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An ‘ordinary’ woman, an extraordinary legacy

 


In 1866 Charles Spurgeon wanted to open an orphanage. Anne Hillyard was crucial in making it happen a year later. On International Women's Day, let’s celebrate the life of this unassuming Christian whose act of selfless giving continues to have an impact, writes Sara Willcocks 

 

Spurgeons Anne Hillyard - wind


Level playing field or not, the lack of gender equality hasn’t stood in the way of many women leaving their marks on the world. And you don’t have to be rich, famous or boasting an army of Twitter followers to make an impact. Any woman can change the world. One small step at a time.

For some, International Women’s Day is a day of celebration; for others, it’s a day of action. Personally, I’d like to use this day as an opportunity to honour an ‘ordinary’ woman named Anne – a woman the world knows little about, but who became a catalyst of change for thousands of lives. 

The story of Spurgeons Children’s Charity began in 1867 and was initially started as an orphanage for ‘fatherless’ boys in Victorian London. Ten years later, a girls’ wing opened. In 1979, the orphanages closed and gave way to the rise of a charity that continues to support vulnerable children and families across the country.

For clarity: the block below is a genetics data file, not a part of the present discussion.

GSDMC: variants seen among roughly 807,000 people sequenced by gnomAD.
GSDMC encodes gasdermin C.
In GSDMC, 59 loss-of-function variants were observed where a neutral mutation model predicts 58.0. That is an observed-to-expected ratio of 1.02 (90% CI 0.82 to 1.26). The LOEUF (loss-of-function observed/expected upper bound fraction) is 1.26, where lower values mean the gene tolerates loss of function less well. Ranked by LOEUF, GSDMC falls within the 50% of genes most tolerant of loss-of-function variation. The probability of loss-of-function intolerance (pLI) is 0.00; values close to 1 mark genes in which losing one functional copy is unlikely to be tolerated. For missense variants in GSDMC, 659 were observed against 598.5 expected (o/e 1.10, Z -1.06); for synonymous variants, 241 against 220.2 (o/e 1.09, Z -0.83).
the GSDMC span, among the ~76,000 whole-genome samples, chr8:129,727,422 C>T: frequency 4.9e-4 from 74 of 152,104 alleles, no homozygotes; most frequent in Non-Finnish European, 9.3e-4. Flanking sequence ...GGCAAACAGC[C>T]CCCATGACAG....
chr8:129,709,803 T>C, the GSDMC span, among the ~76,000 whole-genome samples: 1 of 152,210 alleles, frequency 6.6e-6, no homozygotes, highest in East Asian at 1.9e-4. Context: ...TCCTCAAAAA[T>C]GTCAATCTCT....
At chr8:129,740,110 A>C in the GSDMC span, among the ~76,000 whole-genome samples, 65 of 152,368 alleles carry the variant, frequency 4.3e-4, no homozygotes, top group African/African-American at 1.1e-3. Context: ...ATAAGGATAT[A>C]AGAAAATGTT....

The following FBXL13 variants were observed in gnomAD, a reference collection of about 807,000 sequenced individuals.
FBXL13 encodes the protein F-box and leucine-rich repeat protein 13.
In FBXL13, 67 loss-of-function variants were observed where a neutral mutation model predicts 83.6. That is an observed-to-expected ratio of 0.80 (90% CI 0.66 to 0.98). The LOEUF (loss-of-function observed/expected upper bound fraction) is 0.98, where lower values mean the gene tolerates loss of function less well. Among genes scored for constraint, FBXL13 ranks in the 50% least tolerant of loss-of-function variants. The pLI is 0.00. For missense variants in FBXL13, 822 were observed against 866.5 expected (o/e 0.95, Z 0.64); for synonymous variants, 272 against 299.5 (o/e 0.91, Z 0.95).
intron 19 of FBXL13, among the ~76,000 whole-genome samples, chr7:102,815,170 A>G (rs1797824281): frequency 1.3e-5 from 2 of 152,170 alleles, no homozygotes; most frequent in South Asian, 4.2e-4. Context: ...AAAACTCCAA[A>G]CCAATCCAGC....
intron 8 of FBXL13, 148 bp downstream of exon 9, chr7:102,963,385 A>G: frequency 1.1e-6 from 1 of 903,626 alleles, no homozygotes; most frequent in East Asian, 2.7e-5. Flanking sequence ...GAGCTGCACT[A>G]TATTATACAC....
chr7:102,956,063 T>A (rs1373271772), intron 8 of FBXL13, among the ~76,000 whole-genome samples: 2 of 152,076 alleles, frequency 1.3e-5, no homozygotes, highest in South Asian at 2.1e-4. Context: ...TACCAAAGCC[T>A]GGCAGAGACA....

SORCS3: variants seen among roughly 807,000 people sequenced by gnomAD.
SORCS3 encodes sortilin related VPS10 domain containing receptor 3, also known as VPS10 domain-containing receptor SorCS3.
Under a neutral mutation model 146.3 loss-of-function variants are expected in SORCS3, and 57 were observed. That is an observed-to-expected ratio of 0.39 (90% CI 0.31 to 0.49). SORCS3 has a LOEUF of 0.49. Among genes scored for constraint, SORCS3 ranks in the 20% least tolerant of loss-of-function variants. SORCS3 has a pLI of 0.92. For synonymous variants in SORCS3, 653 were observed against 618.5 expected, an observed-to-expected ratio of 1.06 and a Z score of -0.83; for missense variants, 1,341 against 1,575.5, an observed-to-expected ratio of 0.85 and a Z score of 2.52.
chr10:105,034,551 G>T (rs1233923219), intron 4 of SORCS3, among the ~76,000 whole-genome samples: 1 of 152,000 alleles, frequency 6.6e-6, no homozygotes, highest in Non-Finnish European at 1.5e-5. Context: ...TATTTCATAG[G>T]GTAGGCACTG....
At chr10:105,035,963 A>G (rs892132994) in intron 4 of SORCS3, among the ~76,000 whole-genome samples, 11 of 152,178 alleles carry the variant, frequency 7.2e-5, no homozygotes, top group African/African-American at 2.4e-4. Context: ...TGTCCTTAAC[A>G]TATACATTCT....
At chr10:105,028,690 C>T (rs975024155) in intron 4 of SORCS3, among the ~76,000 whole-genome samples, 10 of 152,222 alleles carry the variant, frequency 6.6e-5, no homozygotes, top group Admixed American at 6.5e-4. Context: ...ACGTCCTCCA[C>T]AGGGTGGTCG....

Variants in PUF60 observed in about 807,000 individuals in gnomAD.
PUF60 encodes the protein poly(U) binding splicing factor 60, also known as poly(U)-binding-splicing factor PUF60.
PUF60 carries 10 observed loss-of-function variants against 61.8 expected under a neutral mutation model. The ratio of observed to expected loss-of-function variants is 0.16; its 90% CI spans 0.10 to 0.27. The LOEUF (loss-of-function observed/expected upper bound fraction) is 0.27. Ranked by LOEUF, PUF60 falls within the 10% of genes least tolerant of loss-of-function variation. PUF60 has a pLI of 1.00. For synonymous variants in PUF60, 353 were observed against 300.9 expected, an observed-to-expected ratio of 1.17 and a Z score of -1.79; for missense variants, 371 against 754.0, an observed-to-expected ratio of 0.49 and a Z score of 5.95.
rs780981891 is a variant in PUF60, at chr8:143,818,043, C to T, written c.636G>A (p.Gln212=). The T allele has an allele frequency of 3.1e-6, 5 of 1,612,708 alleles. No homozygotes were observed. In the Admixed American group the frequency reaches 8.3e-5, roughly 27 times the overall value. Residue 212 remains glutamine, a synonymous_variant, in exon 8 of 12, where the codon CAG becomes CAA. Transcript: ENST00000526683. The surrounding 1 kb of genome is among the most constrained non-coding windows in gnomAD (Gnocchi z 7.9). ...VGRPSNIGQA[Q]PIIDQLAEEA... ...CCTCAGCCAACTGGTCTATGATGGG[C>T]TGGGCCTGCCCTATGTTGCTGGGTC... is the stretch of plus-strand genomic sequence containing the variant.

Anne Hillyard (1803 – 1880), a devout Christian and widow of an Anglican preacher, is one of the great unknowns behind the remarkable story of our 150 year legacy. The charity exists today because of Anne’s devotion to Jesus Christ and the financial bequest she gave to renowned preacher Charles Haddon Spurgeon.

Born as Anne Field, in Warwickshire, she waited until she was 38 to marry. Her husband, Reverend John William Hillyard, was the Curate of an Anglican Church at Ingestre in Staffordshire. He died just one year after their 1841 marriage.

It has long been a widely held misconception that the money Anne donated to the orphanage came from her husband’s estate. She had, however, inherited funds from her uncle prior to marrying, and was a self-sufficient woman in her own right. Though not rich, Anne was moderately wealthy - a wealth she happily gave to ease the burden of marginalised children. It was some years after her husband’s death before she acted, but I think we can assume that Anne had considered for some time what to do with her money. Through a series of providential events, she found an answer to her prayers in Charles Spurgeon.

In 1855, Spurgeon travelled to meet George Muller, the founder of a famous orphanage in Bristol. At the conclusion of a worship service, Muller invited Spurgeon to say a few words, but he declined because he had “been crying all the while.” Spurgeon later said of Muller’s orphanage, “I never heard such a sermon in my life as I saw there.” Upon his return from Bristol, Spurgeon told his congregation, “I sometimes think we will try the power of faith here. Then we may have a tabernacle of faith as well as an orphan-house of faith. God send us that.”

Anne Hillyard was God’s answer to Spurgeon’s prayer. 

Inspired by one of Spurgeon’s articles in his magazine, The Sword and the Trowel, Anne felt compelled to put her faith into action. She wrote a letter requesting a meeting that would set them on a united path to right some of the wrongs felt keenly through the social injustices prevalent in London’s slums.

 



Spurgeons Anne Hillyard - wind